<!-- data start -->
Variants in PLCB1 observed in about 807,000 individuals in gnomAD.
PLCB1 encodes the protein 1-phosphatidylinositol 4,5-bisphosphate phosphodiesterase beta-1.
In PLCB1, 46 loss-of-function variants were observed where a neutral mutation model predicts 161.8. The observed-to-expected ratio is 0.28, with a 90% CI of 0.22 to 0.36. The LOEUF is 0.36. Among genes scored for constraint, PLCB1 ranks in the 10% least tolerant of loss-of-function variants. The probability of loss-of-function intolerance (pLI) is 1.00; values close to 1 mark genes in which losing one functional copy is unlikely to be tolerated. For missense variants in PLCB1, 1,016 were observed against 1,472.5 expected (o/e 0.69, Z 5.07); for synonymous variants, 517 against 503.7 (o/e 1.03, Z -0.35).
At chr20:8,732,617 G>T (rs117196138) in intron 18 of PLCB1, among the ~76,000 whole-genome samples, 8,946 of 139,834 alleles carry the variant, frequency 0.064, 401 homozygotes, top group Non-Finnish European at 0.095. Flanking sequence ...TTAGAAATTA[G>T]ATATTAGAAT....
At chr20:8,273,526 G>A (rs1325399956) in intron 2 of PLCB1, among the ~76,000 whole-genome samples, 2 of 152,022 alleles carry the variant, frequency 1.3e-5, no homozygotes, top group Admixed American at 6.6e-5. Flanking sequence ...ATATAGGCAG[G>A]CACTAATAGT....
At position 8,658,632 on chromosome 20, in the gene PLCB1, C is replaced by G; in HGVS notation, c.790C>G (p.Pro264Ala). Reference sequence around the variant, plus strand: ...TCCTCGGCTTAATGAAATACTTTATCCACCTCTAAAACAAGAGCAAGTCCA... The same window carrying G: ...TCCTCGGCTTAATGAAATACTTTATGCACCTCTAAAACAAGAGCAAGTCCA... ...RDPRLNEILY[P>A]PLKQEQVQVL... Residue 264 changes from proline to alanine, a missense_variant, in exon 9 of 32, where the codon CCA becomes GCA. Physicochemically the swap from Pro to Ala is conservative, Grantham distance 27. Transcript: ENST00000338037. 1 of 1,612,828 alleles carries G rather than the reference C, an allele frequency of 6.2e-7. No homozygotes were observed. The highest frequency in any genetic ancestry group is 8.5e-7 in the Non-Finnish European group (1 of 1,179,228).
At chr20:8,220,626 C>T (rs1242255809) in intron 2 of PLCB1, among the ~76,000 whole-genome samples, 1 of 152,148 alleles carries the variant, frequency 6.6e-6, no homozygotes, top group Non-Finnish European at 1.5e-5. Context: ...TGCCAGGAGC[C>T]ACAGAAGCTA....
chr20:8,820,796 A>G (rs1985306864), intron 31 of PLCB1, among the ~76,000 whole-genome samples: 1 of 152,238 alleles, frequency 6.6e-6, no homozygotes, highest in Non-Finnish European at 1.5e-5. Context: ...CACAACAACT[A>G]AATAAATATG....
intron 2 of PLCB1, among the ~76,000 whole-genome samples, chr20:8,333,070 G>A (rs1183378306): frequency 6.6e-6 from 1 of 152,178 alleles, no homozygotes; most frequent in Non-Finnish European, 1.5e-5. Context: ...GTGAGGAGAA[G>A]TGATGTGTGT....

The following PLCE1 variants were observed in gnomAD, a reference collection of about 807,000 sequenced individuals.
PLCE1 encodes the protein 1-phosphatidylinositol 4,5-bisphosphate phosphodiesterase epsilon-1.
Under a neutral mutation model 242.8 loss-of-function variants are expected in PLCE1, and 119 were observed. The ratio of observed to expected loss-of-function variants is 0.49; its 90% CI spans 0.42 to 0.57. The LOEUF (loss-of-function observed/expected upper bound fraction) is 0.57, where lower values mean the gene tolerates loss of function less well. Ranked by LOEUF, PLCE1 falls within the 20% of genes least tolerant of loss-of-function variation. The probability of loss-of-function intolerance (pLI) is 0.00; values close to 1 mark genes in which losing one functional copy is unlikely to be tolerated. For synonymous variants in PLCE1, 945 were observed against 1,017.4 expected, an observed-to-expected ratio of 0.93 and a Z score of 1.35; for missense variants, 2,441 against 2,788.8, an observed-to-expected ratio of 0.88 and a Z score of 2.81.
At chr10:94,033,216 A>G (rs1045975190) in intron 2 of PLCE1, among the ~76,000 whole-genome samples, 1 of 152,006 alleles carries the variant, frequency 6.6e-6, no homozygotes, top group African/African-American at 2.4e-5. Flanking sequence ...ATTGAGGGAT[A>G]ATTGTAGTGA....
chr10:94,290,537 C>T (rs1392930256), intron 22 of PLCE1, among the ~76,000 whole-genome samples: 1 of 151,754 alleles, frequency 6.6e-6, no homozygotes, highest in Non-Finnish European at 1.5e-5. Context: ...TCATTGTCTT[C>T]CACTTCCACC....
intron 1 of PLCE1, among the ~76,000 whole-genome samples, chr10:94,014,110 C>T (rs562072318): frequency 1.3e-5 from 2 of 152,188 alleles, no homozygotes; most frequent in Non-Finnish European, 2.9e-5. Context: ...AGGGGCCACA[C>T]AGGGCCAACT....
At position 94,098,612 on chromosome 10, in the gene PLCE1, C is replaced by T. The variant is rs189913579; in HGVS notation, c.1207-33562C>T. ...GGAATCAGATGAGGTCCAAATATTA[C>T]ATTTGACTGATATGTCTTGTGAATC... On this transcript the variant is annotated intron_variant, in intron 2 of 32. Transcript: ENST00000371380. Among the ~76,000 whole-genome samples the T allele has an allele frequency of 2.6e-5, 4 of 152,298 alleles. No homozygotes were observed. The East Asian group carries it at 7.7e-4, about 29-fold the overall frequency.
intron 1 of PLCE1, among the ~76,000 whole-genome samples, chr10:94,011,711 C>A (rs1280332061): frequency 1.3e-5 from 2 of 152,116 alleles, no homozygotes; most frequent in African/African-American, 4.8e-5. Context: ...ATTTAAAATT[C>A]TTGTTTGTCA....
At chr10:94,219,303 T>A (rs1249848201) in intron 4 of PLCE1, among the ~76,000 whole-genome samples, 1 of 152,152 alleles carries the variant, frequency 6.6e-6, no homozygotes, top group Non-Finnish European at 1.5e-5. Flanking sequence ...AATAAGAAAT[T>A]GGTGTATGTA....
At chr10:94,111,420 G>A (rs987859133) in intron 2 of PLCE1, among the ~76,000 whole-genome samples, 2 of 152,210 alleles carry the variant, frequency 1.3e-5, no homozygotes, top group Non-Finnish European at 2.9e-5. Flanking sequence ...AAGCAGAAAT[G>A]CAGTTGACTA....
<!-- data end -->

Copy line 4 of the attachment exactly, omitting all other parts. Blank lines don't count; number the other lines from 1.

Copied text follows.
At chr20:8,732,617 G>T (rs117196138) in intron 18 of PLCB1, among the ~76,000 whole-genome samples, 8,946 of 139,834 alleles carry the variant, frequency 0.064, 401 homozygotes, top group Non-Finnish European at 0.095. Flanking sequence ...TTAGAAATTA[G>T]ATATTAGAAT....